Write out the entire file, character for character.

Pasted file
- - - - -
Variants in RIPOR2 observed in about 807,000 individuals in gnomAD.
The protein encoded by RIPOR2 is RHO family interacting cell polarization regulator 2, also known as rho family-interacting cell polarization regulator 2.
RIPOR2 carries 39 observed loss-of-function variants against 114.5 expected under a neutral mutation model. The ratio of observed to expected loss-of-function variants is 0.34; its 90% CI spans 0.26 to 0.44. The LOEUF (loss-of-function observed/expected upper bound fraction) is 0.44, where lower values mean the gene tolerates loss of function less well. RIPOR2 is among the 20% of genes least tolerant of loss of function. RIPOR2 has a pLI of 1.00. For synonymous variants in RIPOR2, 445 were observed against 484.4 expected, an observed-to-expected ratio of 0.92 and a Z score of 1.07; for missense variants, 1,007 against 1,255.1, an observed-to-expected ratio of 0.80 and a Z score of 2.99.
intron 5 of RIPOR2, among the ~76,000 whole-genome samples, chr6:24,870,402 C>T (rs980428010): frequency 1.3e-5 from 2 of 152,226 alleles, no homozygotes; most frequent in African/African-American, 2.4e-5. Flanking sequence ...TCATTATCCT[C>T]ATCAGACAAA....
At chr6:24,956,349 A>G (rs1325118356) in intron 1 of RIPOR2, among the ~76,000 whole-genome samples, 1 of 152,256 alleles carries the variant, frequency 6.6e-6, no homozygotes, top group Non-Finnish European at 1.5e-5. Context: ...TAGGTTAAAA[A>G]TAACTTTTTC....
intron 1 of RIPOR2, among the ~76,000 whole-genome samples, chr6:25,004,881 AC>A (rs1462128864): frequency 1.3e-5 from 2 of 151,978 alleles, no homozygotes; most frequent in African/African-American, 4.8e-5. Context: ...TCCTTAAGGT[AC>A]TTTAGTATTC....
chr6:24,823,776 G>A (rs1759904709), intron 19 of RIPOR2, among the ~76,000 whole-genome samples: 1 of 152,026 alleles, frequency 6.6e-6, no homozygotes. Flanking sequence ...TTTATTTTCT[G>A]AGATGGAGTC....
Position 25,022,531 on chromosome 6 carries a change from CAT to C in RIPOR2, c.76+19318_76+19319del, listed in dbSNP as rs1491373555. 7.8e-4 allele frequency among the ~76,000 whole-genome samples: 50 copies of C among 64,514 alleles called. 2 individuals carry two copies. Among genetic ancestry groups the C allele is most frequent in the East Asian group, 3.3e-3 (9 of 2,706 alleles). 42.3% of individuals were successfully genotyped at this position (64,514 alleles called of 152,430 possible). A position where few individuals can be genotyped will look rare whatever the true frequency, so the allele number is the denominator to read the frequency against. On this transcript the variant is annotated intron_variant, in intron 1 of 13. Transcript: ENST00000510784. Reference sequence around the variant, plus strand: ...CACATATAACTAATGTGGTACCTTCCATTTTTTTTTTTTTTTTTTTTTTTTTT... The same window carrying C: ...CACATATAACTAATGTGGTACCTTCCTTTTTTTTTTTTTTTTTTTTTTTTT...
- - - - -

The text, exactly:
Variants in RIPOR2 observed in about 807,000 individuals in gnomAD.
The protein encoded by RIPOR2 is RHO family interacting cell polarization regulator 2, also known as rho family-interacting cell polarization regulator 2.
RIPOR2 carries 39 observed loss-of-function variants against 114.5 expected under a neutral mutation model. The ratio of observed to expected loss-of-function variants is 0.34; its 90% CI spans 0.26 to 0.44. The LOEUF (loss-of-function observed/expected upper bound fraction) is 0.44, where lower values mean the gene tolerates loss of function less well. RIPOR2 is among the 20% of genes least tolerant of loss of function. RIPOR2 has a pLI of 1.00. For synonymous variants in RIPOR2, 445 were observed against 484.4 expected, an observed-to-expected ratio of 0.92 and a Z score of 1.07; for missense variants, 1,007 against 1,255.1, an observed-to-expected ratio of 0.80 and a Z score of 2.99.
intron 5 of RIPOR2, among the ~76,000 whole-genome samples, chr6:24,870,402 C>T (rs980428010): frequency 1.3e-5 from 2 of 152,226 alleles, no homozygotes; most frequent in African/African-American, 2.4e-5. Flanking sequence ...TCATTATCCT[C>T]ATCAGACAAA....
At chr6:24,956,349 A>G (rs1325118356) in intron 1 of RIPOR2, among the ~76,000 whole-genome samples, 1 of 152,256 alleles carries the variant, frequency 6.6e-6, no homozygotes, top group Non-Finnish European at 1.5e-5. Context: ...TAGGTTAAAA[A>G]TAACTTTTTC....
intron 1 of RIPOR2, among the ~76,000 whole-genome samples, chr6:25,004,881 AC>A (rs1462128864): frequency 1.3e-5 from 2 of 151,978 alleles, no homozygotes; most frequent in African/African-American, 4.8e-5. Context: ...TCCTTAAGGT[AC>A]TTTAGTATTC....
chr6:24,823,776 G>A (rs1759904709), intron 19 of RIPOR2, among the ~76,000 whole-genome samples: 1 of 152,026 alleles, frequency 6.6e-6, no homozygotes. Flanking sequence ...TTTATTTTCT[G>A]AGATGGAGTC....
Position 25,022,531 on chromosome 6 carries a change from CAT to C in RIPOR2, c.76+19318_76+19319del, listed in dbSNP as rs1491373555. 7.8e-4 allele frequency among the ~76,000 whole-genome samples: 50 copies of C among 64,514 alleles called. 2 individuals carry two copies. Among genetic ancestry groups the C allele is most frequent in the East Asian group, 3.3e-3 (9 of 2,706 alleles). 42.3% of individuals were successfully genotyped at this position (64,514 alleles called of 152,430 possible). A position where few individuals can be genotyped will look rare whatever the true frequency, so the allele number is the denominator to read the frequency against. On this transcript the variant is annotated intron_variant, in intron 1 of 13. Transcript: ENST00000510784. Reference sequence around the variant, plus strand: ...CACATATAACTAATGTGGTACCTTCCATTTTTTTTTTTTTTTTTTTTTTTTTT... The same window carrying C: ...CACATATAACTAATGTGGTACCTTCCTTTTTTTTTTTTTTTTTTTTTTTTT...